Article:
Given the popularity of street art, video mash-ups, remixes, or pop art, it's important to know whether the works being used are copyright-free.
Category - Intellectual Property
Stories about receiving copyright protection and dealing with infringement
A team of scientists, programmers and historians have created an algorithm that created a physical work of art that mimics the look of a genuine Rembrandt painting. But can a computer generated work have copyright protection?
Knowing more about copyright and fair use will help you determine what is yours to use and what is off limits.
Your name is a corporate asset with real tangible value, and protecting it is an important business consideration. A trademark may be the answer.
At what point does a creative work become protectable? Find out so you can ensure that your work is copyright protected.
If an artwork is in the public domain, free from copyright protection, then how can a museum claim it holds the copyright?
If the owner of a copyrighted work cannot be found, can I use it? It may be possible if you analyze the orphan work properly.
Fair use is a common art law issue that arises for artists. Here, we review the College Art Association's Code of Best Practices in Fair Use for the Visual Arts.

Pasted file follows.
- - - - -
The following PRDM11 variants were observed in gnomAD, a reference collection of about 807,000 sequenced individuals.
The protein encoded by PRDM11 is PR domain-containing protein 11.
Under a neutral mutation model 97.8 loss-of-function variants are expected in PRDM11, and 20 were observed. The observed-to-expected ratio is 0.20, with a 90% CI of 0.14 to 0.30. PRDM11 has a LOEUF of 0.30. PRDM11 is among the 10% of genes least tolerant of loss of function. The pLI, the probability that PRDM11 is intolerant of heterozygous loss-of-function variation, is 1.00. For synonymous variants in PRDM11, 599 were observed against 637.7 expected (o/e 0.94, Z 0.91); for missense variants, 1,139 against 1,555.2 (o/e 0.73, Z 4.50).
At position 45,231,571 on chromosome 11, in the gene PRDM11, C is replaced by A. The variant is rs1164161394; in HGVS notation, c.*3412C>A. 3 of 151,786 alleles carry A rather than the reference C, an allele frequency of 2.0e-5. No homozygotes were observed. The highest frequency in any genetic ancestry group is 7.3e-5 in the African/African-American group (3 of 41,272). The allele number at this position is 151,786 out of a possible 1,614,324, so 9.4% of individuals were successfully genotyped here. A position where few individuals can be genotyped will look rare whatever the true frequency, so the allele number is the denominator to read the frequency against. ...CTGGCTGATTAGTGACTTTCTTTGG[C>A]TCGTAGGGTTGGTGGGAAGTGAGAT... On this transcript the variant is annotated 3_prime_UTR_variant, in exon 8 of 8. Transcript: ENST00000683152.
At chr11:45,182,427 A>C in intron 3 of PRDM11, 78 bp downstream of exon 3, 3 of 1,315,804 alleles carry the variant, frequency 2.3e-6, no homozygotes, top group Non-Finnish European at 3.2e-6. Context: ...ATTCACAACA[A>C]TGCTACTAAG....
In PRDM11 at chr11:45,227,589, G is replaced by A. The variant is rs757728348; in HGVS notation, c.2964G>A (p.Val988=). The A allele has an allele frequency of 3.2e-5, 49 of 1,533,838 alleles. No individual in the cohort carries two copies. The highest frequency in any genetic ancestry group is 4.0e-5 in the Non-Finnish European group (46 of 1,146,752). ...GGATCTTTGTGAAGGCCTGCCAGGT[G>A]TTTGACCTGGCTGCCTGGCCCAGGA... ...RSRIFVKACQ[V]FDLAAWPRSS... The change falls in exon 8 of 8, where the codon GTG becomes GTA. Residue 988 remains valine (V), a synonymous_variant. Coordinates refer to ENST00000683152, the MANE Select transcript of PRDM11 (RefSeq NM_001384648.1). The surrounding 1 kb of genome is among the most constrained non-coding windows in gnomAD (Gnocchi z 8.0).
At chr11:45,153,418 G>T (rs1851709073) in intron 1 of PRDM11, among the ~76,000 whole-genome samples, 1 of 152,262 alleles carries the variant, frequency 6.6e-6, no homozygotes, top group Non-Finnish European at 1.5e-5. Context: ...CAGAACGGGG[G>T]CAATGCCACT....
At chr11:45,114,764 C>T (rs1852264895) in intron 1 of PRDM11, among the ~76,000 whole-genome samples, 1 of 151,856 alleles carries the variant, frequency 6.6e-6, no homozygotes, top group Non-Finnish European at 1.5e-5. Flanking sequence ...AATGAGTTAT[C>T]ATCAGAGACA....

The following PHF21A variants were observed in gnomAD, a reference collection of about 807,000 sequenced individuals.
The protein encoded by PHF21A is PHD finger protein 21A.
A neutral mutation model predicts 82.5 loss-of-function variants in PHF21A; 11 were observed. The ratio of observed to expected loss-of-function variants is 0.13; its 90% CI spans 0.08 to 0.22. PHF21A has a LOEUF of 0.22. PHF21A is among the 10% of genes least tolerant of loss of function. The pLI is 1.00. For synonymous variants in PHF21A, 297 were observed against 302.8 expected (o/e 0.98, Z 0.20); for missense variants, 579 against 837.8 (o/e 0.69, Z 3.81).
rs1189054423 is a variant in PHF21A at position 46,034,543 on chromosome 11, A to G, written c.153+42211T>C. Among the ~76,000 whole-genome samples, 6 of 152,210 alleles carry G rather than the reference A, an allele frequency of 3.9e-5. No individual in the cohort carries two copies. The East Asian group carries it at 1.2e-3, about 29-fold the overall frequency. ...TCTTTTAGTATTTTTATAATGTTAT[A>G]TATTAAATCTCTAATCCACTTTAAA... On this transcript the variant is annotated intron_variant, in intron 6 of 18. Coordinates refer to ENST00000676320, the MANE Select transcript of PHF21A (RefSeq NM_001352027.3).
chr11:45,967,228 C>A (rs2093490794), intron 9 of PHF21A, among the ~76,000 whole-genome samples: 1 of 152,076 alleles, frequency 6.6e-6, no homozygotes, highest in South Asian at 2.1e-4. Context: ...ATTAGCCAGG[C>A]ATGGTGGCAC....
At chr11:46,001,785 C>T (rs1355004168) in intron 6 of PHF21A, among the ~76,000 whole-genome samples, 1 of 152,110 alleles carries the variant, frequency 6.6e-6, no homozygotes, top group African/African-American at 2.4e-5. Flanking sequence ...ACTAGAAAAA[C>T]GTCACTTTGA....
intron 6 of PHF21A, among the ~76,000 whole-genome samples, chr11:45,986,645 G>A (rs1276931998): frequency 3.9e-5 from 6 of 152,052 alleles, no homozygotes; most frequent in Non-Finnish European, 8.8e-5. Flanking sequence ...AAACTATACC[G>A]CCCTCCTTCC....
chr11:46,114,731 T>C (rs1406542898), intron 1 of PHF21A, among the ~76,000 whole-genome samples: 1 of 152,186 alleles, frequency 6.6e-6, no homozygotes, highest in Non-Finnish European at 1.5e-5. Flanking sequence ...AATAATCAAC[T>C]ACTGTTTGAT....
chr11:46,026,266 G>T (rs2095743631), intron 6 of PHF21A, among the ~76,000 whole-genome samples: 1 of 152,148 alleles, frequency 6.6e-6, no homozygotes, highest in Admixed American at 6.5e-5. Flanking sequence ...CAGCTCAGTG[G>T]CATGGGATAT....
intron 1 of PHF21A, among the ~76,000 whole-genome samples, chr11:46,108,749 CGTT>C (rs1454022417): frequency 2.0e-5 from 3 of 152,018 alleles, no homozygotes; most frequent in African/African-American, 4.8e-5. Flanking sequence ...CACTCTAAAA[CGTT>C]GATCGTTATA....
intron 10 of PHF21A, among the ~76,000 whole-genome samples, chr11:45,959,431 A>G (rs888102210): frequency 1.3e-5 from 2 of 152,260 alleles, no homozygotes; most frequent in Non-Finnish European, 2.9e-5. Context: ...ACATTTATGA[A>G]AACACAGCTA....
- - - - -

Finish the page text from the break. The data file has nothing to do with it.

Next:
On February 20, The U.S. Copyright Office will alter the way it accepts applications for copyright registration of photographs. Here's what you'll need to know moving forward.
For years, videographers have used music as a backdrop in their films, short videos, and documentaries. The law around music licensing is pretty clear: a license is required to use copyrighted music in a video. This has been a standard practice since the dawn of music recordings. Yet, throughout the video industry, we find music being used without a license. We need look no...
Without the protection that copyright law gives artists, it would be difficult to monetize creative work and make a living. Here are ten sound copyright-related practices that every artist should know.
Take these two commonly heard phrases: “I need to copyright my slogan,” or “I want to patent my new idea.” Do you know why they are wrong? We break down the differences between IP laws.